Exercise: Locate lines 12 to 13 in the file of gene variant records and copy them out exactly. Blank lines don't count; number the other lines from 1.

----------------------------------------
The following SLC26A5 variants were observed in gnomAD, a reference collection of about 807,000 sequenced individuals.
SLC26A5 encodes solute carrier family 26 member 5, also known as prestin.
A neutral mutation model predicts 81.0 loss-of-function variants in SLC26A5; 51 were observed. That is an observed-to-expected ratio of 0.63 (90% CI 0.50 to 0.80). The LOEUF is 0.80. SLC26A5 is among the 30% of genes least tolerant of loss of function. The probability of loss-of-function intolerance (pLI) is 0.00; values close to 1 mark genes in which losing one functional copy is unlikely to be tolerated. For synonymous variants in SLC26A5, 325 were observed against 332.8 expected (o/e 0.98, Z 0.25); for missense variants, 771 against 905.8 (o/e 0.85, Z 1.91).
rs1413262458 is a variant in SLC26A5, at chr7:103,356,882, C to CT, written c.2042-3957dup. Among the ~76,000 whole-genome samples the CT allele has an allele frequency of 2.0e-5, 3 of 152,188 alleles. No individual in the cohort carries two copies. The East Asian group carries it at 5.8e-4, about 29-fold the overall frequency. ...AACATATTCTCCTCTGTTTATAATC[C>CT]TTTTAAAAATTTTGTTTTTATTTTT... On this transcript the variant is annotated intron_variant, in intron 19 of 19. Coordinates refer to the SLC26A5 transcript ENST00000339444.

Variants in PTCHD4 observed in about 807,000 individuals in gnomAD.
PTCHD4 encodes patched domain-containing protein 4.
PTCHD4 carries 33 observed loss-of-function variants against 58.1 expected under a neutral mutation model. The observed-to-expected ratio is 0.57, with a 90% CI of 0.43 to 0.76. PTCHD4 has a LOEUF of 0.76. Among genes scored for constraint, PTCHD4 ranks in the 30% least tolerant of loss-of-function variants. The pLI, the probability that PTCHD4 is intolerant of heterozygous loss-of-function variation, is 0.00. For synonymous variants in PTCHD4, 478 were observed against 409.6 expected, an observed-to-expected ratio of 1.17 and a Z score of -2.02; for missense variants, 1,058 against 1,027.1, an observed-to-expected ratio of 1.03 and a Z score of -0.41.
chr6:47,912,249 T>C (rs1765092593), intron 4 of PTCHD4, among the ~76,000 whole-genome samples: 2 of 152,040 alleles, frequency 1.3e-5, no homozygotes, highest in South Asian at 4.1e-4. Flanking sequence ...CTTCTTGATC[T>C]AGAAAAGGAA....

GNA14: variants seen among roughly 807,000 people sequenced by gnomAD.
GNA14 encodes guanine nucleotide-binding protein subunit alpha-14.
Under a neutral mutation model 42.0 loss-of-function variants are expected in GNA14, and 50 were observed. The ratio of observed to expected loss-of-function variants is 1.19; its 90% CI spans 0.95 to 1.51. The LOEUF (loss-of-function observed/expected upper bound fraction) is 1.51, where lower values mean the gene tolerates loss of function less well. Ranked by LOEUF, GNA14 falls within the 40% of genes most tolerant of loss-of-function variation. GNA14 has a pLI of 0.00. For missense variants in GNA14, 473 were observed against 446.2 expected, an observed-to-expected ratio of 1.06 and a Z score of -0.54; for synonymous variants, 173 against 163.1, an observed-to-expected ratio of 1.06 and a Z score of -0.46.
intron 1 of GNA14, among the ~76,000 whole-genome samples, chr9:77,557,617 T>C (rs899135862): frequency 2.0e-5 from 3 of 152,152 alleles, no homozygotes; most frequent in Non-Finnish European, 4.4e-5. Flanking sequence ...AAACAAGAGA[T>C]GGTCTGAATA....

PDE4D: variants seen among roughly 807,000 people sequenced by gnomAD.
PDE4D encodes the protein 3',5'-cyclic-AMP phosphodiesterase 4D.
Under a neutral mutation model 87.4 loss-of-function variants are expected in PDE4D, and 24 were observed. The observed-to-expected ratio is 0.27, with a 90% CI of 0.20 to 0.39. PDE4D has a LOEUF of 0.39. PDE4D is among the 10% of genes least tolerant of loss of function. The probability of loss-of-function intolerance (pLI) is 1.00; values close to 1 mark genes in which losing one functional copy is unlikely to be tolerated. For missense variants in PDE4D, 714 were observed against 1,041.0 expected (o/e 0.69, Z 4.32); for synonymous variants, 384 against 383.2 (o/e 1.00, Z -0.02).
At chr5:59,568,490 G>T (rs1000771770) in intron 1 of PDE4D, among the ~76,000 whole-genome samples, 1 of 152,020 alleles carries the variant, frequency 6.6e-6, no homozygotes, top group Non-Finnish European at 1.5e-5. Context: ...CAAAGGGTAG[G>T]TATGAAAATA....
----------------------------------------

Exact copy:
intron 1 of GNA14, among the ~76,000 whole-genome samples, chr9:77,557,617 T>C (rs899135862): frequency 2.0e-5 from 3 of 152,152 alleles, no homozygotes; most frequent in Non-Finnish European, 4.4e-5. Flanking sequence ...AAACAAGAGA[T>C]GGTCTGAATA....

PDE4D: variants seen among roughly 807,000 people sequenced by gnomAD.